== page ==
Uber CEO Travis Kalanick May Have Had A Worse Week Than Donald Trump
This past week has not been kind to Uber, and I argue that its CEO, Travis Kalanick, had a worse week than POTUS. Keep in mind, the latter is a sentient Cheez Doodle who faced blowback for undoing federal protections on transgendered kids on grounds that it’s a states’ rights issue while also vowing to crack down on another states’ rights issue: legalized cannabis. One can’t forget the administration’s unprecedented decision to exclude members of the press from briefings and that pesky Russia problem. Sure, Agent Orange had a bad week, but given the baseline, it was about average. Uber and its CEO, however, had, ahem, an über-bad week.
Kalanick was revealed to be personally embroiled in an intellectual property scandal right out of a bad spy novel while also, simultaneously, having his company revealed as the incarnation of Silicon Valley’s problem with sexual discrimination and harassment.
An IP Scandal Out of A Bad Spy Novel
Let’s start with the IP issue, which, somehow, ended up being the small potato of bad Uber news this past week.
ReCode broke the story that Alphabet’s newly-renamed self-driving car outfit, Waymo, filed a lawsuit against Uber for allegedly using stolen intellectual property. According to Section 1 of the lawsuit [PDF], Anthony Levandowski, a former manager at Waymo downloaded “more than 14,000 highly confidential and proprietary files shortly before his resignation,” some 9.7 GB of data in total These files included Waymo’s LiDAR circuit board designs, among other proprietary information. The lawsuit further alleges that Levandowski had installed special software on his company-issued computer to extract this information and, in an effort to cover his tracks, did a clean re-install of the operating system on it after the deed was done.
But wait, there’s more. Levandowski set up a competing company, Otto, prior to leaving Waymo in January 2016. Otto poached many key people from Waymo and, again allegedly, they downloaded additional Waymo trade secrets prior to departing that company for Otto.
Now, longtime subscribers might recall from #16 a brief mention of Uber’s acquisition of Otto in late August 2016, which installed Levandowski as the head of Uber’s self-driving car development efforts. The Waymo lawsuit alleges that “As of August 2016, Uber had no in-house solution for LiDAR — despite 18 months with their faltering Carnegie Mellon University effort — and they acquired Otto to get it.” By September 2016, “Uber represented to regulatory authorities in Nevada that it was no longer using an off-the-shelf, or third-party, LiDAR technology, but rather using an ‘[i]n-house custom built’ LiDAR system.”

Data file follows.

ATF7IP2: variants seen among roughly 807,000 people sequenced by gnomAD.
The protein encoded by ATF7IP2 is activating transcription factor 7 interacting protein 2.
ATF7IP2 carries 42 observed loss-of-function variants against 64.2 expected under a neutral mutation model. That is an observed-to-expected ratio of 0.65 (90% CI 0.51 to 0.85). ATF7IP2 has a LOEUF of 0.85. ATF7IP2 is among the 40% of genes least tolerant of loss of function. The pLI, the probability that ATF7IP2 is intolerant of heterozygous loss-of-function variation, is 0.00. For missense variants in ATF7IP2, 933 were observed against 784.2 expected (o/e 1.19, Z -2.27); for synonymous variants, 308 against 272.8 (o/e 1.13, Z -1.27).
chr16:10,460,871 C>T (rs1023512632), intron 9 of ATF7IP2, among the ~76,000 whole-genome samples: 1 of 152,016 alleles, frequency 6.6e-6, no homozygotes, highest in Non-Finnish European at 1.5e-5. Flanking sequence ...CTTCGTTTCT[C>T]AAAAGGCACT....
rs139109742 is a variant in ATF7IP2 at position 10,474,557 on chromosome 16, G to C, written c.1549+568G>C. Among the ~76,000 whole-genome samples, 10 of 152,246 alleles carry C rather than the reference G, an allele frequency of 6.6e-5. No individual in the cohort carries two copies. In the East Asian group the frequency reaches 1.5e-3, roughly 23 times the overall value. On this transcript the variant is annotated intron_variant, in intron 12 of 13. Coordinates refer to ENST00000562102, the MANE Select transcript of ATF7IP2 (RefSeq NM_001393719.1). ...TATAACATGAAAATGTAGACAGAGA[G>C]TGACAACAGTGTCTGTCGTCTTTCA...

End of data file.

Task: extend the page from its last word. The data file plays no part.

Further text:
So where does the “bad spy novel” bit come in? According to coverage of the Uber-Otto acquisition published in BloombergBusinessweek, we get the following. Kalanick met Levandowski at a TED conference in 2012, where Levandowski was showing off early prototypes of Google’s self-driving cars. (Remember, this is what would become Waymo.)
After Levandowski founded Otto in January, it didn’t take long for Kalanick to come a’calling. The Bloomberg article says, “Kalanick began courting Levandowski this spring, broaching the possibility of an acquisition during a series of 10-mile night walks from the Soma neighborhood where Uber is also headquartered to the Golden Gate Bridge. The two men would leave their offices separately — to avoid being seen by employees, the press, or competitors. They’d grab takeout food, then rendezvous near the city’s Ferry Building.”
One wonders what the two discussed during their clandestine nighttime wandering around the streets of SF. Surely, the core hardware Otto was developing was part of it. The question is, what did Kalanick know about the provenance of that intellectual property? Chances are, that’s for lawyers to figure out, but it isn’t a totally clear-cut case.
After all, Levandowski was the founder of 510 Systems, one of Google’s earliest acquisitions in its efforts to develop self-driving car technology. Levandowski directly competed against Sebastian Thrun, “the godfather of self-driving cars,” in the 2005 DARPA Grand Challenge, submitting a self-balancing, autonomous motorcycle, one of the only two-wheeled vehicles in that competition. So Levandowski is no slouch in the engineering department. (It’s not like I, a guy who just writes stuff on the internet, started a self-driving car company shortly after departing a self-driving car company.) But, still, if even part of the allegations are true, he’s toast and Uber is potentially liable for serious damages. Companies just can’t unlearn stuff from stolen IP.